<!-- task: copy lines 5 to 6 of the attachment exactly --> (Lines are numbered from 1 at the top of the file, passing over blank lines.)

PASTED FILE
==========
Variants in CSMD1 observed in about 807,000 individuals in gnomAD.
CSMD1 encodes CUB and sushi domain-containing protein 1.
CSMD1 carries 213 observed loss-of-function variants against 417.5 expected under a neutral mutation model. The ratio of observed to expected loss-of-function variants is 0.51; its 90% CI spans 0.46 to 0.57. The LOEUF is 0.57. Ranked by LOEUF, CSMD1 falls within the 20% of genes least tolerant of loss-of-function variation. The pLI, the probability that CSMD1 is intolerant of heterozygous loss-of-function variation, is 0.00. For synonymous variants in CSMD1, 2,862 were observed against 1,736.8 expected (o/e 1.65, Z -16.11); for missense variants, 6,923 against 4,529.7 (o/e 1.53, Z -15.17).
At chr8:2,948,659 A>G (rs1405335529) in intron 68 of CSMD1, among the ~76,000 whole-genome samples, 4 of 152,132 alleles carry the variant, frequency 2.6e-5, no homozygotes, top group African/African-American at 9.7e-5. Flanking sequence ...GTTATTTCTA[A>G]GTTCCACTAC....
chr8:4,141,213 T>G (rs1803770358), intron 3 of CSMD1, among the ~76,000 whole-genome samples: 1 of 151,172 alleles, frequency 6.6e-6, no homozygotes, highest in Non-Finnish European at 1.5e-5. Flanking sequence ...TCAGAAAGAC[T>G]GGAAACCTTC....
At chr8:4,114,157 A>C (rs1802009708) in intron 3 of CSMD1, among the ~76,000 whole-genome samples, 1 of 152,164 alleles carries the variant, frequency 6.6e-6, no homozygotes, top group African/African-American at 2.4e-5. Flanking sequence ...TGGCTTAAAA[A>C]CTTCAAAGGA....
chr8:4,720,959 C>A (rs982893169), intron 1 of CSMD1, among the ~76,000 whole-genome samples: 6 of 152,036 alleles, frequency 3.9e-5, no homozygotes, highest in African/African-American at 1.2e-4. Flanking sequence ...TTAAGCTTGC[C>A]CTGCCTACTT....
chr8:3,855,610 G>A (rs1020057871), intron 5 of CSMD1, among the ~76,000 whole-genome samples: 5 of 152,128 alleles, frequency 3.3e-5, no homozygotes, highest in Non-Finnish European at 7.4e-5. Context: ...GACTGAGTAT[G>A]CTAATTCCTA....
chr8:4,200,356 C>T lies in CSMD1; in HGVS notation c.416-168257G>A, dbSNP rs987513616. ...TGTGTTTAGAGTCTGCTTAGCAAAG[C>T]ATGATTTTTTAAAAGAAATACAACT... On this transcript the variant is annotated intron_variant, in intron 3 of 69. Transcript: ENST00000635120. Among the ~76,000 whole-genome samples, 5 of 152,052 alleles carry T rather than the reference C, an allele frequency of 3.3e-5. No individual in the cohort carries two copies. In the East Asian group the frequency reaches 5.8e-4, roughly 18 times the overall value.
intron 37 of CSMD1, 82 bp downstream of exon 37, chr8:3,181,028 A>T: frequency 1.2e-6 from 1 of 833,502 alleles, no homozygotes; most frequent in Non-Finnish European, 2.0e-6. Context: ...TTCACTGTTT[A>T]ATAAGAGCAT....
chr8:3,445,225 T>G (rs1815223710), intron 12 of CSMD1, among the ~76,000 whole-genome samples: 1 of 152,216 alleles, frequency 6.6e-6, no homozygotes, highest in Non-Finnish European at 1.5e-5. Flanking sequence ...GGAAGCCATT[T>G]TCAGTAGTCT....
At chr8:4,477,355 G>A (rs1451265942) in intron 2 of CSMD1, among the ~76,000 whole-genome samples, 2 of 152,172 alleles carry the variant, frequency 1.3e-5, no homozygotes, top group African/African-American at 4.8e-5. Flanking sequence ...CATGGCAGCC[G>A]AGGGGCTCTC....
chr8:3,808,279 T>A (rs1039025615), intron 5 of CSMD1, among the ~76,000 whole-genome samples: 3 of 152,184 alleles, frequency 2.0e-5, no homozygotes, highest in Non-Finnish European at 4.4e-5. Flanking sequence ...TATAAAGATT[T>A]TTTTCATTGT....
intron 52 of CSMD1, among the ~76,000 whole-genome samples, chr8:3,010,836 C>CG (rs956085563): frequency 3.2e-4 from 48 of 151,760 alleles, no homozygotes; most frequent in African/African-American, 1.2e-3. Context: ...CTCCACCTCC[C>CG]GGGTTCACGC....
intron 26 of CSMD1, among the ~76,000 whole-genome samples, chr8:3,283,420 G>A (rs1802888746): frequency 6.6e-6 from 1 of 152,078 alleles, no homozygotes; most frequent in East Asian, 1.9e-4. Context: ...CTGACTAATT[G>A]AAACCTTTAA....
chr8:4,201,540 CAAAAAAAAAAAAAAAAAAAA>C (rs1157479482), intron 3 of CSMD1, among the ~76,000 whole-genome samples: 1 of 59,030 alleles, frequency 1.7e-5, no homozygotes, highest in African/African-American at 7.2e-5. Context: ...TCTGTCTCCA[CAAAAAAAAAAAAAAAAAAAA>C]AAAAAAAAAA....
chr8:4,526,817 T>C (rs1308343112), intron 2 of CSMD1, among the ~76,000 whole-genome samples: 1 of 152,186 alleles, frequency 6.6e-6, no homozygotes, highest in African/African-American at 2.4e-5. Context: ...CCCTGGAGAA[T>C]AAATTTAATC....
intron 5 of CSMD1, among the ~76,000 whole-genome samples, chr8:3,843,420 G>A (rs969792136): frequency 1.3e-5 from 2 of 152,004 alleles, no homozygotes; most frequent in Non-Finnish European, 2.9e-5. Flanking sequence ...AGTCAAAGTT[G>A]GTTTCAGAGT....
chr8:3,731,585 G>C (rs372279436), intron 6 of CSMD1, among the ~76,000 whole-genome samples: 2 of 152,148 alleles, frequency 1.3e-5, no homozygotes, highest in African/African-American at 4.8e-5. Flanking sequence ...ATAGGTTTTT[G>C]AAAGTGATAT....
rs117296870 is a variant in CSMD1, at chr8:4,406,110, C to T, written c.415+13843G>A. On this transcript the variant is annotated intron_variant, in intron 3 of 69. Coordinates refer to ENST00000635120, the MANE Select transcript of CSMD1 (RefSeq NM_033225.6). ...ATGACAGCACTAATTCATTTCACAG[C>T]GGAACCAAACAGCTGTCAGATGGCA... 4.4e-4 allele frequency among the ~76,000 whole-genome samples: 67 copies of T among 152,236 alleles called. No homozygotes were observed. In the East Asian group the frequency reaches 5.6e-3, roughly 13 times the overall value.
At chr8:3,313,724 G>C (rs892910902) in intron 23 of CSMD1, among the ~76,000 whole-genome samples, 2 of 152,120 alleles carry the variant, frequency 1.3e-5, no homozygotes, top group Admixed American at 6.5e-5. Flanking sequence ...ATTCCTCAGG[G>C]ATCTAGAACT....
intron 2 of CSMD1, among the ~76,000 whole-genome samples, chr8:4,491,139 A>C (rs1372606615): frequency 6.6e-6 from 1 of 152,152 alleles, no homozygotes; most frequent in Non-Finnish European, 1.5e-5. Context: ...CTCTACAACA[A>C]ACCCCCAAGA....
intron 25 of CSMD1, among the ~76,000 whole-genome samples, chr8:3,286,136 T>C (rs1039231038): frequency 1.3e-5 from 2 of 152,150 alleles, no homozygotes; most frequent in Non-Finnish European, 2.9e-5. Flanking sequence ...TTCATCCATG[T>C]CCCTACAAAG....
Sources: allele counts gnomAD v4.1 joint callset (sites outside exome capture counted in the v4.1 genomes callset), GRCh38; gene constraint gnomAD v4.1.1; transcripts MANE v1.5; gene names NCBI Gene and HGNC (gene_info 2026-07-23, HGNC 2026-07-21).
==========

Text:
chr8:4,141,213 T>G (rs1803770358), intron 3 of CSMD1, among the ~76,000 whole-genome samples: 1 of 151,172 alleles, frequency 6.6e-6, no homozygotes, highest in Non-Finnish European at 1.5e-5. Flanking sequence ...TCAGAAAGAC[T>G]GGAAACCTTC....
At chr8:4,114,157 A>C (rs1802009708) in intron 3 of CSMD1, among the ~76,000 whole-genome samples, 1 of 152,164 alleles carries the variant, frequency 6.6e-6, no homozygotes, top group African/African-American at 2.4e-5. Flanking sequence ...TGGCTTAAAA[A>C]CTTCAAAGGA....